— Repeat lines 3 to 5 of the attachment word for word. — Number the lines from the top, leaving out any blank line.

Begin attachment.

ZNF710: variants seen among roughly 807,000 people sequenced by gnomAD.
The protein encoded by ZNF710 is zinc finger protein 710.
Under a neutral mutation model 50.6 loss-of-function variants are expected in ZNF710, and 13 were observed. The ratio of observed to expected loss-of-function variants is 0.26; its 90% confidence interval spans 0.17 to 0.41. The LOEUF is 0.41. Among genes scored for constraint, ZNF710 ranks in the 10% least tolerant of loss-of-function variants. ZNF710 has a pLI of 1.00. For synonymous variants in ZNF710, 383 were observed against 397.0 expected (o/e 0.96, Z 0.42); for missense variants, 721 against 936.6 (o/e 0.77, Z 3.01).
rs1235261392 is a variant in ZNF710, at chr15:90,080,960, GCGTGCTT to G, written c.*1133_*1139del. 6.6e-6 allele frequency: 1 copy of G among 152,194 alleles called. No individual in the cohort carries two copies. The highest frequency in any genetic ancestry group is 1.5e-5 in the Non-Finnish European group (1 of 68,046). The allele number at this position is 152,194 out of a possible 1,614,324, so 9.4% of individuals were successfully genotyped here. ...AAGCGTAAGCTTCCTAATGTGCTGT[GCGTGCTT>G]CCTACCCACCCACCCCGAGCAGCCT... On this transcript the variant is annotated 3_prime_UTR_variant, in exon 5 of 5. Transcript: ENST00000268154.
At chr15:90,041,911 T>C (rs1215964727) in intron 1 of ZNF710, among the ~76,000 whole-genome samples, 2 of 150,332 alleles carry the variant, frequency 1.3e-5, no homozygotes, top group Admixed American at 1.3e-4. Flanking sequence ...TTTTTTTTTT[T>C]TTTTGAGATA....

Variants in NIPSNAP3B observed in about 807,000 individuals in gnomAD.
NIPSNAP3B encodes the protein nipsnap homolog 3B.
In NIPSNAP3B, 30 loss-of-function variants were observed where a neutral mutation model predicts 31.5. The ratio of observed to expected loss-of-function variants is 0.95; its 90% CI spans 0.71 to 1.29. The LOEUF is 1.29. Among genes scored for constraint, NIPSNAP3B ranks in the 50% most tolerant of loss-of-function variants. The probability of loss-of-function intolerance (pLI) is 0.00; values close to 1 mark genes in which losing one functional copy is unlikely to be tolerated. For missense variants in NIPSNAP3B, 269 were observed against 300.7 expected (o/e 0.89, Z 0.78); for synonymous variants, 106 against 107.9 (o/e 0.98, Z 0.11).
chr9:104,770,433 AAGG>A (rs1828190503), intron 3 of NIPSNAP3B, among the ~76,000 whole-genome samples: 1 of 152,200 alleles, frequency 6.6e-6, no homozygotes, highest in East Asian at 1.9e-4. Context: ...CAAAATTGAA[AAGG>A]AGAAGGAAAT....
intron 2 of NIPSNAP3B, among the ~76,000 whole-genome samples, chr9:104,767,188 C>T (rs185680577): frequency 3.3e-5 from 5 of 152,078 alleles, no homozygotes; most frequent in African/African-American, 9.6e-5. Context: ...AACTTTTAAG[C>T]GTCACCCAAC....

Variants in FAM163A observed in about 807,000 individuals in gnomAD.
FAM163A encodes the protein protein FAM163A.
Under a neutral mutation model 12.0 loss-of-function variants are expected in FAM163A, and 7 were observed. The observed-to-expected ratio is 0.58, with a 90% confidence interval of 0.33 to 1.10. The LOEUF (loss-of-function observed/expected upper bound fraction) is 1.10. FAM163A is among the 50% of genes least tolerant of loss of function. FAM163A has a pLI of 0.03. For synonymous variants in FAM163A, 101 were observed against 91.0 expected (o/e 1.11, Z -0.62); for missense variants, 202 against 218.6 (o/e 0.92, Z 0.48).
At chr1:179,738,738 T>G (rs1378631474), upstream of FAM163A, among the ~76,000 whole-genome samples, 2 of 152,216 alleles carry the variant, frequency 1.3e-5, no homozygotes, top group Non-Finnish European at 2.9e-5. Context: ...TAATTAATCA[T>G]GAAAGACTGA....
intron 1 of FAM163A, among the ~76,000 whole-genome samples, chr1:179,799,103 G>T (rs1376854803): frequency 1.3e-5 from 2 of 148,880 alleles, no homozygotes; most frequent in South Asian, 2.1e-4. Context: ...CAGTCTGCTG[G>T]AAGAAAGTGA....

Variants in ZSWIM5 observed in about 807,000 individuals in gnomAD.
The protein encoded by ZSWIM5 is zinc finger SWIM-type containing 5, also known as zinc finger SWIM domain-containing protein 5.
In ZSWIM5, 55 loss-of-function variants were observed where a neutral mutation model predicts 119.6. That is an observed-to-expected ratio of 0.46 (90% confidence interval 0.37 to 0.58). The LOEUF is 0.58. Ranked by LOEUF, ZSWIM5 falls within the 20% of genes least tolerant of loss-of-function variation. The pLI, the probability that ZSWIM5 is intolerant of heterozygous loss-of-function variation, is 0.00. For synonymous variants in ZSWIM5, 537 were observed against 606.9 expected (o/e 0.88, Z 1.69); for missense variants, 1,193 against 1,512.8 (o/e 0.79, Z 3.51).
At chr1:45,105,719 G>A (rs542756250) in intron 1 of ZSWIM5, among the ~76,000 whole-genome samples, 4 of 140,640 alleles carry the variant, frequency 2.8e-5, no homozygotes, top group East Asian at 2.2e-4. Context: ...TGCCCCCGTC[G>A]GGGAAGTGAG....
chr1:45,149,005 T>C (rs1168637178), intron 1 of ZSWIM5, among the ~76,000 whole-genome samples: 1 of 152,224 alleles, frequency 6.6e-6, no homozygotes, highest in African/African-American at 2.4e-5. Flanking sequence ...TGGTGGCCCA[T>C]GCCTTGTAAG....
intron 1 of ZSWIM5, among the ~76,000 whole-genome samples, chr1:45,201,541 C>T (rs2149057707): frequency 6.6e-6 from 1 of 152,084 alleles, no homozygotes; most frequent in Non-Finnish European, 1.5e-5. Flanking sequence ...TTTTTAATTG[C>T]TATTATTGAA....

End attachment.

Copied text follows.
Under a neutral mutation model 50.6 loss-of-function variants are expected in ZNF710, and 13 were observed. The ratio of observed to expected loss-of-function variants is 0.26; its 90% confidence interval spans 0.17 to 0.41. The LOEUF is 0.41. Among genes scored for constraint, ZNF710 ranks in the 10% least tolerant of loss-of-function variants. ZNF710 has a pLI of 1.00. For synonymous variants in ZNF710, 383 were observed against 397.0 expected (o/e 0.96, Z 0.42); for missense variants, 721 against 936.6 (o/e 0.77, Z 3.01).
rs1235261392 is a variant in ZNF710, at chr15:90,080,960, GCGTGCTT to G, written c.*1133_*1139del. 6.6e-6 allele frequency: 1 copy of G among 152,194 alleles called. No individual in the cohort carries two copies. The highest frequency in any genetic ancestry group is 1.5e-5 in the Non-Finnish European group (1 of 68,046). The allele number at this position is 152,194 out of a possible 1,614,324, so 9.4% of individuals were successfully genotyped here. ...AAGCGTAAGCTTCCTAATGTGCTGT[GCGTGCTT>G]CCTACCCACCCACCCCGAGCAGCCT... On this transcript the variant is annotated 3_prime_UTR_variant, in exon 5 of 5. Transcript: ENST00000268154.
At chr15:90,041,911 T>C (rs1215964727) in intron 1 of ZNF710, among the ~76,000 whole-genome samples, 2 of 150,332 alleles carry the variant, frequency 1.3e-5, no homozygotes, top group Admixed American at 1.3e-4. Flanking sequence ...TTTTTTTTTT[T>C]TTTTGAGATA....